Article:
- GameStop was the worst performer in the S&P 500 this week, falling 11.8 percent. The video game retailer gave cautious guidance for the fourth quarter despite strong demand for the introduction of new game consoles.
- The current macro environment remains positive as economic data is robust enough to give investors confidence in an economic recovery, but not too strong as to force the Fed to change course in the near term.
- Money flows are likely to find their way into domestic U.S. equities and out of bonds and emerging markets.
- The improving macro backdrop out of Europe and China could be the catalyst for a rally into year end.
- A market consolidation could occur in the near term after such a strong year.
- Higher interest rates are a threat for the whole economy. The Fed must walk a fine line and the potential for policy error is potentially large.
The Economy and Bond Market
Treasury bond yields rose by 4 basis points this week as economic data came in better than expected, further encouraging outflows from fixed-income securities into the broader equity market.
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- Weekly applications for unemployment benefits fell by 21,000 last week to a seasonally adjusted 323,000, the lowest level since late September. Analysts were expecting jobless claims to fall to 335,000. The less volatile four-week average fell 6,750 to 338,500 and has dropped for the third-straight week. Both figures are near prerecession levels.
- Retail sales rose 0.4 percent in October, handily beating economists’ expectations. Also, sales for September were revised upward, from a decline of 0.1 percent to an increase of 0.5 percent.
- German business confidence rose to the highest level since April 2012, supporting the view that economic growth could increase going into the new year.
- Stocks reacted negatively on Wednesday after the minutes from the latest Federal Reserve meeting showed the central bank could cut back on its bond-buying program even if the job market doesn’t improve dramatically.
- The HSBC China Flash Purchasing Managers’ Index (PMI) fell to a two-month low of 50.4 in November. This missed expectations for a modest decline to 50.8, and was lower than 50.9 the previous month. The latest manufacturing report showed that export orders fell, suggesting a weaker environment.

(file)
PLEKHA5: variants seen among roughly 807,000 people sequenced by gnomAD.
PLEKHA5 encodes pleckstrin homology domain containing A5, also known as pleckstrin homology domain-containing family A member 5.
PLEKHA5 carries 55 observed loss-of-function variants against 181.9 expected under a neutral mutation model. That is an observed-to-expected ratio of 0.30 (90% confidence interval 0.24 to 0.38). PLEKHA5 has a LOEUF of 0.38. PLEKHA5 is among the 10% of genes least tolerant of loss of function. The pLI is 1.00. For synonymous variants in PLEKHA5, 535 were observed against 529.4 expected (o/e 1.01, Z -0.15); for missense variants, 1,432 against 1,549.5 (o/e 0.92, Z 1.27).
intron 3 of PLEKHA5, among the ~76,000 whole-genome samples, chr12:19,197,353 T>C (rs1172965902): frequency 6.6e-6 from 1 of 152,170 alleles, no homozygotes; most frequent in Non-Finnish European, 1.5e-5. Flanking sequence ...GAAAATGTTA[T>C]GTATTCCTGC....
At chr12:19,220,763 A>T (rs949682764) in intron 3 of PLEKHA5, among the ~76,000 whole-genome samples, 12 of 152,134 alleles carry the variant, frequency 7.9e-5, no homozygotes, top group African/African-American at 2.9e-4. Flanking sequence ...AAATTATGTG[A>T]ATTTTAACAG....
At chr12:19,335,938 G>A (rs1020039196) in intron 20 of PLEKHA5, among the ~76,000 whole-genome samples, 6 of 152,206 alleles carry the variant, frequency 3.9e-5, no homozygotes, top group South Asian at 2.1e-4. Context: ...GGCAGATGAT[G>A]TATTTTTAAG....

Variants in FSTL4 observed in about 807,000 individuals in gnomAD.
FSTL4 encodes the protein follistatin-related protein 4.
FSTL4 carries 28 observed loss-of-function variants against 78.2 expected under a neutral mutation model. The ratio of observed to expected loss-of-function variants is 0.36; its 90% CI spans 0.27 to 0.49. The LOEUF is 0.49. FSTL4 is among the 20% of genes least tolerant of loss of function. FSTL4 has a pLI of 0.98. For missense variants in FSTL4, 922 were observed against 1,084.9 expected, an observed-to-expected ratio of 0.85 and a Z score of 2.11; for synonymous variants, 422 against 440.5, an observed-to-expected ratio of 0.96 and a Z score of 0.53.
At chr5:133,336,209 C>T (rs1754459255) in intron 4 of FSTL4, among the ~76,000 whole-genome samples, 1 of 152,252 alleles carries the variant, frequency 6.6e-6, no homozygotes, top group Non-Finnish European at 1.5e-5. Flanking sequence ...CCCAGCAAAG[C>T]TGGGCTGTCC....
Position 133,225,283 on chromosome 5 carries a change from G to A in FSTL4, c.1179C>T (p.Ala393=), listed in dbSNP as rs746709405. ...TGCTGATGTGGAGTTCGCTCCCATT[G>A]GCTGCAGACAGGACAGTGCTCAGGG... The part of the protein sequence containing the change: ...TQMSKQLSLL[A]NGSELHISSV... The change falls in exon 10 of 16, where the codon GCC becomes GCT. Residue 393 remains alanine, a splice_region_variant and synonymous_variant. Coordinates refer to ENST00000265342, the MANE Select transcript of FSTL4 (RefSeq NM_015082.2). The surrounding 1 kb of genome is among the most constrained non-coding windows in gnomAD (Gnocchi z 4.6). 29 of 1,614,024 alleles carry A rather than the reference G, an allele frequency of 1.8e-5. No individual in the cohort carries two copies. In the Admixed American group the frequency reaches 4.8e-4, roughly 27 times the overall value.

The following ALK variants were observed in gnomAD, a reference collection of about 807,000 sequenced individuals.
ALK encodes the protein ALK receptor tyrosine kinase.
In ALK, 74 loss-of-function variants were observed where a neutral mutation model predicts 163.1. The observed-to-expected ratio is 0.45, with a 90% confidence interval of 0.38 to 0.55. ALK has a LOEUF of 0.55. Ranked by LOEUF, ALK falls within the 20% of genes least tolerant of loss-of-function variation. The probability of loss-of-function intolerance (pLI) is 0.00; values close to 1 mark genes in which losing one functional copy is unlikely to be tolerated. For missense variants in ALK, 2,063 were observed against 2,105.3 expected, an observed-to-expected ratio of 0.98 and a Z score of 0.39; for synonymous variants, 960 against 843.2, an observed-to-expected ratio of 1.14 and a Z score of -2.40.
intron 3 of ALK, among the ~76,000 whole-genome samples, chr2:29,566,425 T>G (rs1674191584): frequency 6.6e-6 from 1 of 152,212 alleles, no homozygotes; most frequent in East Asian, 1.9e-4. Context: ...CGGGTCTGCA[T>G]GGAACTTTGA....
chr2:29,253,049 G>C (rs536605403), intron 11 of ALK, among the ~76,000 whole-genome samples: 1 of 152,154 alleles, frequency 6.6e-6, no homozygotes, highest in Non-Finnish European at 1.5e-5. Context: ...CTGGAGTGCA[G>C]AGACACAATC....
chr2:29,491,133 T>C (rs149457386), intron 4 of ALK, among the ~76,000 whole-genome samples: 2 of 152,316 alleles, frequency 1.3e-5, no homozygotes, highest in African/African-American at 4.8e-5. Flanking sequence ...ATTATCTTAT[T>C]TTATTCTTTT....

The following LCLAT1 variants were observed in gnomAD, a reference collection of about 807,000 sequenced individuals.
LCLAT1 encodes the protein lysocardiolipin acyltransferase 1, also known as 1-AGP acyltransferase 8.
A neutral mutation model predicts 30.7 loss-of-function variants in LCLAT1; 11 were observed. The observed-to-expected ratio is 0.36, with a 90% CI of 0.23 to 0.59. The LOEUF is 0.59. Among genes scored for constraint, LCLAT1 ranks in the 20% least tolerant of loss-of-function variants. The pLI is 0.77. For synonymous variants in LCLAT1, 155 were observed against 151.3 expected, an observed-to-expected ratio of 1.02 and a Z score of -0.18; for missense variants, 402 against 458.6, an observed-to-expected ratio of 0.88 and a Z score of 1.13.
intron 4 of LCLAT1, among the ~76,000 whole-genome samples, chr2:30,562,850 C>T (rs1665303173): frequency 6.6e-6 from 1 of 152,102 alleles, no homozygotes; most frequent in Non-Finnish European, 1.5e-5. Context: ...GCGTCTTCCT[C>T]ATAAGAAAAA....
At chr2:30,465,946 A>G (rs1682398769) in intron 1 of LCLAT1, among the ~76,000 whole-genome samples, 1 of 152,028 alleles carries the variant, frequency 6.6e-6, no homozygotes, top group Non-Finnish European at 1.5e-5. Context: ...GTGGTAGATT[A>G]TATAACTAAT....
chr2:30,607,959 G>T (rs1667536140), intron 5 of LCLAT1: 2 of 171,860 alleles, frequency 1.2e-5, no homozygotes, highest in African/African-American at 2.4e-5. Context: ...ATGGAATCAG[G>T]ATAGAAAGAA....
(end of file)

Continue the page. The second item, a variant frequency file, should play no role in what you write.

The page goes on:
- The National Association of Realtors says home re-sales fell 3.2 percent last month from September to an annual pace of 5.12 million. That’s down from a 5.29 million pace in August and the slowest since June.
- Despite recent conflicting commentary, the Fed continues to remain committed to an overall accommodative policy and is unlikely to raise interest rates in 2013 or 2014.
- Key global central bankers remain in easing mode such as the European Central Bank (ECB), Bank of England and the Bank of Japan. An ECB policymaker commented this week that the ECB could adopt negative interest rates or quantitative easing to lift inflation.
- There remain many moving parts to the taper decision, and it is very possible that tapering could be delayed well into 2014.
- Inflation in some corners of the globe is getting the attention of policymakers and may be an early indicator for the rest of the world.
- Trade and/or currency “wars” cannot be ruled out which may cause unintended consequences and volatility in the financial markets.
- The recent bond market selloff may be a “shot across the bow” as the markets reassess the changing macro dynamics.
For the week, spot gold closed at $1,244.33, down $45.87 per ounce, or 3.56 percent. Gold stocks, as measured by the NYSE Arca Gold Miners Index, fell 7.83 percent. The U.S. Trade-Weighted Dollar Index slipped 0.19 percent for the week.
- Pretium Resources reported that out of 8,090 dry tonnes of excavated material from the Valley of the Kings Bulk Sample Program, 4,215 ounces of gold were produced. There are still 1,815 wet tonnes of material that remain to be processed before a final tally of the 10,000 tonne sample is completed. Pretium was expecting about 4,000 total ounces to be recovered from the sample to test the validity of its resource estimate on the high-grade ore body. The company’s share price fell significantly when one of its two independent companies, each conducting different estimates, resigned from the project. Pretium’s share price surged 82 percent on the results.
- Although somewhat delayed, billionaire hedge fund manager John Paulson maintained his gold holdings unchanged in the third quarter of 2013, according to his filling on November 14. This parallels what we have seen from other major gold funds in third-quarter filings, reflecting the fact that redemptions were very subdued, as across-the-board selling of top holdings did not repeat the mass liquidations seen in the second quarter. In addition, George Soros’ third-quarter filings revealed that he has moved back into gold stocks and has been decidedly bearish of the broader equity market recently.